DOE Awards 16 Contracts for Energy Savings at Federal Facilities
January 7, 2009
DOE announced on December 18 that it will award 16 new Energy Savings Performance Contracts (ESPCs) that could result in up to $80 billion in energy efficiency, renewable energy, and water conservation projects at federally-owned buildings and facilities. ESPCs are contracts under which a contractor designs, constructs, and obtains the necessary financing for an energy savings project, and the federal agency makes payments over time to the contractor from the savings in the agency's utility bills. The contractor guarantees the energy improvements will generate savings, and after the contract ends, all continuing cost savings accrue to the federal agency. The new contracts will be available to all U.S. federal agencies for use in federal buildings located in the United States and overseas, and each contract allows for up to $5 billion in energy- and water-saving projects, without any restrictions on the technologies used to achieve those savings.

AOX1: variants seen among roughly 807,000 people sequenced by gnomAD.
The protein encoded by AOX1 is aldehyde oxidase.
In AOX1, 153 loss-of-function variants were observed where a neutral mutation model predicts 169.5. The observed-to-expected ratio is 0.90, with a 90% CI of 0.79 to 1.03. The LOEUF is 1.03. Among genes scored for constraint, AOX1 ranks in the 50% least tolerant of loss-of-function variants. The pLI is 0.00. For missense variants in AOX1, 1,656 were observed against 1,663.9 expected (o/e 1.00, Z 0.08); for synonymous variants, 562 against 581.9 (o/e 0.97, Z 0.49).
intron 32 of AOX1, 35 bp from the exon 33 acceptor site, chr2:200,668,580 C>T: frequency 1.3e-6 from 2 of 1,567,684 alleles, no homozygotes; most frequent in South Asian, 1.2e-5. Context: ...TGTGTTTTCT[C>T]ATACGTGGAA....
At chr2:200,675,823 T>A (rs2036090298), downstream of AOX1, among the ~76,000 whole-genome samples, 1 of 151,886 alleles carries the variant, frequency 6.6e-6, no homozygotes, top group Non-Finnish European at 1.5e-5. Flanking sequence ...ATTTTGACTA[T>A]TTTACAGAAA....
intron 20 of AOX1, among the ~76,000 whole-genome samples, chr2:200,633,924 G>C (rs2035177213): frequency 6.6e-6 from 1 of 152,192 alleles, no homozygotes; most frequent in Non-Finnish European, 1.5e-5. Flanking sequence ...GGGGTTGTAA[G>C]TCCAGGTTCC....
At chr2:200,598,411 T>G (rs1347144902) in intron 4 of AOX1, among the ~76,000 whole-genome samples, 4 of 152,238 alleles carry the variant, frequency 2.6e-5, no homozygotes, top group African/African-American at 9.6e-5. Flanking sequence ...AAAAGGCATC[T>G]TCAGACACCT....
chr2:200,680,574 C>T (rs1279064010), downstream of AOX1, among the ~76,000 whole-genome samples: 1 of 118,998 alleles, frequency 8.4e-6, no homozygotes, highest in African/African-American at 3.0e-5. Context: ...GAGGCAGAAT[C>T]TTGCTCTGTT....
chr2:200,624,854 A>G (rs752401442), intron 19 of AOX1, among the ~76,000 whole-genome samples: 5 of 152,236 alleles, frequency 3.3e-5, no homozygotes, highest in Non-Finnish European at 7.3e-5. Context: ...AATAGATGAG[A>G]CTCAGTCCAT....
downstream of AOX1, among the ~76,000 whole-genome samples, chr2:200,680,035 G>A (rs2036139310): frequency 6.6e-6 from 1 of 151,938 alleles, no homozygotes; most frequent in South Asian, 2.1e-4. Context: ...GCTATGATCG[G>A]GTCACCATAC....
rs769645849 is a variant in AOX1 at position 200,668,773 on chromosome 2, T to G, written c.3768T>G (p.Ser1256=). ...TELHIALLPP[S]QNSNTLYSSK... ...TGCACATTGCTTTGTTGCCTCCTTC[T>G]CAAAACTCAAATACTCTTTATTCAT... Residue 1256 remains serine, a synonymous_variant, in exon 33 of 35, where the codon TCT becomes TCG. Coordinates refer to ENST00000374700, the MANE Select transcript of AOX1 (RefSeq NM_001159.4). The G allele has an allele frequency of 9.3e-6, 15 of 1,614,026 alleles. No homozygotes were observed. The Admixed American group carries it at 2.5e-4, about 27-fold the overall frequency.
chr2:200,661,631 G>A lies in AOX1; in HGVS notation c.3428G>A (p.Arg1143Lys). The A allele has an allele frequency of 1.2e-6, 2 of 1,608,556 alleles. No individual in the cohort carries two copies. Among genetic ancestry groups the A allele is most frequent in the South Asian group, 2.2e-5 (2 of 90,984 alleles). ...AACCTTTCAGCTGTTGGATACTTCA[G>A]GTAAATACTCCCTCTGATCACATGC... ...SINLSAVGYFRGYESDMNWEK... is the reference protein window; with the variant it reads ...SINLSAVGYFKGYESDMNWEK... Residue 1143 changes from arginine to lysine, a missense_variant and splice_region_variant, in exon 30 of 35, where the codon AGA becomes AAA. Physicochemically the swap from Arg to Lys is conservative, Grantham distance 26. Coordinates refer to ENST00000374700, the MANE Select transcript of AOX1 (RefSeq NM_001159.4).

The federal government is the largest single user of energy in the United States. The energy goals outlined in Executive Order 13423, the Energy Policy Act of 2005, and the Energy Independence and Security Act of 2007 require federal agencies to reduce their energy use per square foot of building space to 30% below their 2003 levels by 2015, while also reducing their water usage to 16% below their 2007 usage levels. Federal facilities are also required to draw on renewable energy for at least 7.5% of their electrical needs by 2013. Within DOE, the Transformational Energy Action Management (TEAM) Initiative was launched in 2007 to meet the energy intensity goal. See the DOE press release and the Web sites for the Federal Energy Management Program and the TEAM Initiative.